Hi, I’m kay. I’ll be your guide for today. Slightly different posting this time around! But you’ll live, right? It’s easier on the thighs anyway.
So here’s what I did; I took my camera with me on my last trip downtown and took some random shots of, well, stuff. Just in case you’re curious to see where I spend my days (and nights). This was basically a very, very small part of Gouda. In fact; it’s so small it qualifies more as a trip around the church than a dynamic tour past the historic buildings of Gouda, but quite beautiful nonetheless.
Come on, I’ll show you around my town. Gouda was granted its town privileges (also known as city rights), in 1272. I think Americans were still using smoke signals and speaking Sioux back then, right? *winks*
Photographic intense posting ahead! Be warned.
Lesson no. 1: Dutch people love their bikes. Some of them go to great lengths to express that slightly unhealthy love. Don’t come between the Dutch and their bikes. Really bad things happen then.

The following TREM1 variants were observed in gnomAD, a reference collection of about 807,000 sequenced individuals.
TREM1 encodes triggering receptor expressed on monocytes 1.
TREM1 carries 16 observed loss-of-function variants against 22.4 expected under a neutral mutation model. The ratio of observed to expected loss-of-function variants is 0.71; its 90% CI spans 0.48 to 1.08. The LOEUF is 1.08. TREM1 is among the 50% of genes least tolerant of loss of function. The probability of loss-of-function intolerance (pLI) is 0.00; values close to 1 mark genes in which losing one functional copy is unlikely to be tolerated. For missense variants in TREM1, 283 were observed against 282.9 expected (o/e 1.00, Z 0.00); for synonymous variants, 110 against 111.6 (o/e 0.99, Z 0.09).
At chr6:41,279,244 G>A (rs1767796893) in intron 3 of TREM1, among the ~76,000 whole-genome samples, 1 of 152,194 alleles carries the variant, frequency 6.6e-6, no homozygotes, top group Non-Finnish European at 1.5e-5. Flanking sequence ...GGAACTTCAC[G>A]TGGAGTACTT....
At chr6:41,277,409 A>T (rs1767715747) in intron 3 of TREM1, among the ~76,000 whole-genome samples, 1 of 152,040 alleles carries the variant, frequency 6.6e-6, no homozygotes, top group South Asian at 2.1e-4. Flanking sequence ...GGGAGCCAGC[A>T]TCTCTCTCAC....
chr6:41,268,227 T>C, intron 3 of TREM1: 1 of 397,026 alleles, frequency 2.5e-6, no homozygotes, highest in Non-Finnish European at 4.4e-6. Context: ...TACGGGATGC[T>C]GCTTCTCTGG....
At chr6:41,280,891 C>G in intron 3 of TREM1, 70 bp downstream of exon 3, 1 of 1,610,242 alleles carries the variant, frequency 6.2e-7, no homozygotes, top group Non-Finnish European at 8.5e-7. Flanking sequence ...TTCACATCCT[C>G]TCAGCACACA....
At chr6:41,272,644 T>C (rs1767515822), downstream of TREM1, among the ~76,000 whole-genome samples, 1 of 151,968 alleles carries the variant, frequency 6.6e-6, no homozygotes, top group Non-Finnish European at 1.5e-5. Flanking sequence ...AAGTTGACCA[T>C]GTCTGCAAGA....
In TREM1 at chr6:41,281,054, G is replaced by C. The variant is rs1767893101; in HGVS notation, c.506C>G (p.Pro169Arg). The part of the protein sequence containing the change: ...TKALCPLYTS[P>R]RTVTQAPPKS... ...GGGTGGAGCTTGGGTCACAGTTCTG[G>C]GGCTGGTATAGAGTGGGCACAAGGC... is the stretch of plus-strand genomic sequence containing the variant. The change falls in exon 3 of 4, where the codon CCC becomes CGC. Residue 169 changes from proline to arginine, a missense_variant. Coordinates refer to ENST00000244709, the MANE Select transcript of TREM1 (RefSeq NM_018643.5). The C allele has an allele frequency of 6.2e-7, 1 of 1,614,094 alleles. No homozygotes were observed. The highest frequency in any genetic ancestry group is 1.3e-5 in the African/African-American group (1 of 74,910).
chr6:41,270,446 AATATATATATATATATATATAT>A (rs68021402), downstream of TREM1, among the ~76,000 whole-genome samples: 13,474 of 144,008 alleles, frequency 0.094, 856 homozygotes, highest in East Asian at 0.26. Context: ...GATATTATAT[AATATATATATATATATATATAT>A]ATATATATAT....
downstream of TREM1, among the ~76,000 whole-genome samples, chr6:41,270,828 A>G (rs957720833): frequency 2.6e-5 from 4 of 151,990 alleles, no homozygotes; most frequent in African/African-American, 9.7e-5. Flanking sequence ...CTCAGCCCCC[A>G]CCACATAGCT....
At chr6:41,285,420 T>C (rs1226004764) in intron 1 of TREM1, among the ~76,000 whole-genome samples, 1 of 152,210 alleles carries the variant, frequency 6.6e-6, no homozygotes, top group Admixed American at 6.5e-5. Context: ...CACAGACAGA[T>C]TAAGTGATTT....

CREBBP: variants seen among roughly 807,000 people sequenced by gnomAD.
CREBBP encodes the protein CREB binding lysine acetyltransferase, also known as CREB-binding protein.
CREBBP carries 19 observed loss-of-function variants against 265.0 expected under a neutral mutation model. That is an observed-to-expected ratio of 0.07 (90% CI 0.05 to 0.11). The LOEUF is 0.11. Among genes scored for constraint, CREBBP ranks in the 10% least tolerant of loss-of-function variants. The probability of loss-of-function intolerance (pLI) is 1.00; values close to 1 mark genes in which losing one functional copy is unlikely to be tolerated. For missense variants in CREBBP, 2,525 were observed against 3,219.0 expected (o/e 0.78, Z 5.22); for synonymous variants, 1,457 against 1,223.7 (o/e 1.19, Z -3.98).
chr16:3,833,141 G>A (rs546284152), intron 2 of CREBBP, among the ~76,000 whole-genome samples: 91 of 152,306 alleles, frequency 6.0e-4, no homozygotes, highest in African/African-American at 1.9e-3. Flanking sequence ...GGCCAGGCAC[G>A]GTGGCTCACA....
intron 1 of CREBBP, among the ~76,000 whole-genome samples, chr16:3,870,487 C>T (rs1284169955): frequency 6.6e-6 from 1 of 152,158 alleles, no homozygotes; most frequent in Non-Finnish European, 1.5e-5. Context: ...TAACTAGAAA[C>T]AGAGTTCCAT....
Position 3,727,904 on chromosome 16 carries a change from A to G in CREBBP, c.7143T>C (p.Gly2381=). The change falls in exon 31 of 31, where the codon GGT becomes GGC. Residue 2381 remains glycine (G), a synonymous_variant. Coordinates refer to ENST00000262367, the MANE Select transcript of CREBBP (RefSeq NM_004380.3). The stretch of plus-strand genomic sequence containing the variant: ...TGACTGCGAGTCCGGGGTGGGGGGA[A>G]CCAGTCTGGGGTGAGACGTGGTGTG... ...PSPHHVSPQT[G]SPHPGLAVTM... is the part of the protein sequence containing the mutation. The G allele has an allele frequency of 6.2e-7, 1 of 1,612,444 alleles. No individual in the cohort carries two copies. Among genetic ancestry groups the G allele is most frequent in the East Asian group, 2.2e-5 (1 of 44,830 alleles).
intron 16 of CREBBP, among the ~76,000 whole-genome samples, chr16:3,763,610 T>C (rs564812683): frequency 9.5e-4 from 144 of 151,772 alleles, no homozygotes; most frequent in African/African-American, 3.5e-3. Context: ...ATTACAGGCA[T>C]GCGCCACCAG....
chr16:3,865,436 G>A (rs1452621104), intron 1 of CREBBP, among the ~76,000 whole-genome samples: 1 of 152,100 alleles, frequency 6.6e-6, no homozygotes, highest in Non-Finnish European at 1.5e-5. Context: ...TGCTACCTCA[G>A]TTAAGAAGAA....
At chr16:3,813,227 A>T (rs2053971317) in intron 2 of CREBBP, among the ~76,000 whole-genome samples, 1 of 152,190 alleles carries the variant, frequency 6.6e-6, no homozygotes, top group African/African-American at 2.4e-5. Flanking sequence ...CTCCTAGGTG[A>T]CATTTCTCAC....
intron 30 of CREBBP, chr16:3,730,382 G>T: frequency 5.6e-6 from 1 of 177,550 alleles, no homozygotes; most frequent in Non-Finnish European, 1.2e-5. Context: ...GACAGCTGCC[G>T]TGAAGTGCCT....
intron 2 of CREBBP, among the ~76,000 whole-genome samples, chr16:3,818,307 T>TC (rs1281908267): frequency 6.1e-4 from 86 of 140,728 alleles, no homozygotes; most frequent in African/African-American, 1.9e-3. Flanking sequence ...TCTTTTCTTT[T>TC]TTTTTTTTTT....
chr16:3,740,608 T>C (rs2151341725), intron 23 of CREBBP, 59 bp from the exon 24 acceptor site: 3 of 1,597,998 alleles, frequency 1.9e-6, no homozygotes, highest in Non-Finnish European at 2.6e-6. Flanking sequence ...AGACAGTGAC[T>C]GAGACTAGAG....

What a lot of people don’t know is that Gouda has a harbor called “The IJsselfront“. The harbor is basically our front-door. In 1225 a canal was linked to the Gouwe and its estuary was transformed into a harbor. It was considered a very important harbor back in the days. Skippers were obligated to sail their ships through Gouda’s harbor. Naturally, they had to pay toll for that. It brought the city great wealth. Nowadays the city is still wealthy; they’ve stopped milking skippers and are now aiming for their citizens through excessive city taxes and other theft expensive silliness. Pity us. Gouda life sure ain’t cheap.
On the way to the market you will pass by a few of our local cuisine stands. Well, local.. let’s see what we have here: there’s a Vietnamese egg roll stand (Loempia means egg roll). And a pizza stand. Oh, and let’s not forget the Turkish Döner Kebab stand! Hmmm, do we even have Dutch food here?